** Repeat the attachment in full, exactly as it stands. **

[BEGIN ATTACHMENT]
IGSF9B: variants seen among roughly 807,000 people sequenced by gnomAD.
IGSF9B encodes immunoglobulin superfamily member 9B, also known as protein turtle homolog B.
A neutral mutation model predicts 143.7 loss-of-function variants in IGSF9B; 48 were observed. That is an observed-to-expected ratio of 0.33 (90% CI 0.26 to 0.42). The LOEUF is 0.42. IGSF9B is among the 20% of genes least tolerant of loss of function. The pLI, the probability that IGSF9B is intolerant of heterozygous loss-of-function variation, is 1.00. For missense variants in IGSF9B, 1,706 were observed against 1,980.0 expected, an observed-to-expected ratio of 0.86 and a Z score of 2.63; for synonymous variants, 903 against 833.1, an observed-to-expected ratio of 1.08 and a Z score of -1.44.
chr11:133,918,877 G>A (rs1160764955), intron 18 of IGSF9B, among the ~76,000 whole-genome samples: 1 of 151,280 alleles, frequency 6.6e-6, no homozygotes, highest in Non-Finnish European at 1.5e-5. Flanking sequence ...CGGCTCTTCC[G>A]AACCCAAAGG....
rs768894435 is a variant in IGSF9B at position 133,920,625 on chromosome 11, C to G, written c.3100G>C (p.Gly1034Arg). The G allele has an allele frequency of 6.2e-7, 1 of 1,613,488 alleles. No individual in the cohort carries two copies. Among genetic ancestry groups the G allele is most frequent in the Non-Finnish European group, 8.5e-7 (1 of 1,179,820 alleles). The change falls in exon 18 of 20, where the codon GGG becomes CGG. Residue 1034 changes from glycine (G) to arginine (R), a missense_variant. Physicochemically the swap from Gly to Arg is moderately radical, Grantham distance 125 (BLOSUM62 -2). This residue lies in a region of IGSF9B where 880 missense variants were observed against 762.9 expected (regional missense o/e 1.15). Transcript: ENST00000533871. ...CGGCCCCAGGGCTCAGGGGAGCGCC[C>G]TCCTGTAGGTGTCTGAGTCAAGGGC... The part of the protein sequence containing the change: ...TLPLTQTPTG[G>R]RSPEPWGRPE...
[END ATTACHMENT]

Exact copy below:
IGSF9B: variants seen among roughly 807,000 people sequenced by gnomAD.
IGSF9B encodes immunoglobulin superfamily member 9B, also known as protein turtle homolog B.
A neutral mutation model predicts 143.7 loss-of-function variants in IGSF9B; 48 were observed. That is an observed-to-expected ratio of 0.33 (90% CI 0.26 to 0.42). The LOEUF is 0.42. IGSF9B is among the 20% of genes least tolerant of loss of function. The pLI, the probability that IGSF9B is intolerant of heterozygous loss-of-function variation, is 1.00. For missense variants in IGSF9B, 1,706 were observed against 1,980.0 expected, an observed-to-expected ratio of 0.86 and a Z score of 2.63; for synonymous variants, 903 against 833.1, an observed-to-expected ratio of 1.08 and a Z score of -1.44.
chr11:133,918,877 G>A (rs1160764955), intron 18 of IGSF9B, among the ~76,000 whole-genome samples: 1 of 151,280 alleles, frequency 6.6e-6, no homozygotes, highest in Non-Finnish European at 1.5e-5. Flanking sequence ...CGGCTCTTCC[G>A]AACCCAAAGG....
rs768894435 is a variant in IGSF9B at position 133,920,625 on chromosome 11, C to G, written c.3100G>C (p.Gly1034Arg). The G allele has an allele frequency of 6.2e-7, 1 of 1,613,488 alleles. No individual in the cohort carries two copies. Among genetic ancestry groups the G allele is most frequent in the Non-Finnish European group, 8.5e-7 (1 of 1,179,820 alleles). The change falls in exon 18 of 20, where the codon GGG becomes CGG. Residue 1034 changes from glycine (G) to arginine (R), a missense_variant. Physicochemically the swap from Gly to Arg is moderately radical, Grantham distance 125 (BLOSUM62 -2). This residue lies in a region of IGSF9B where 880 missense variants were observed against 762.9 expected (regional missense o/e 1.15). Transcript: ENST00000533871. ...CGGCCCCAGGGCTCAGGGGAGCGCC[C>G]TCCTGTAGGTGTCTGAGTCAAGGGC... The part of the protein sequence containing the change: ...TLPLTQTPTG[G>R]RSPEPWGRPE...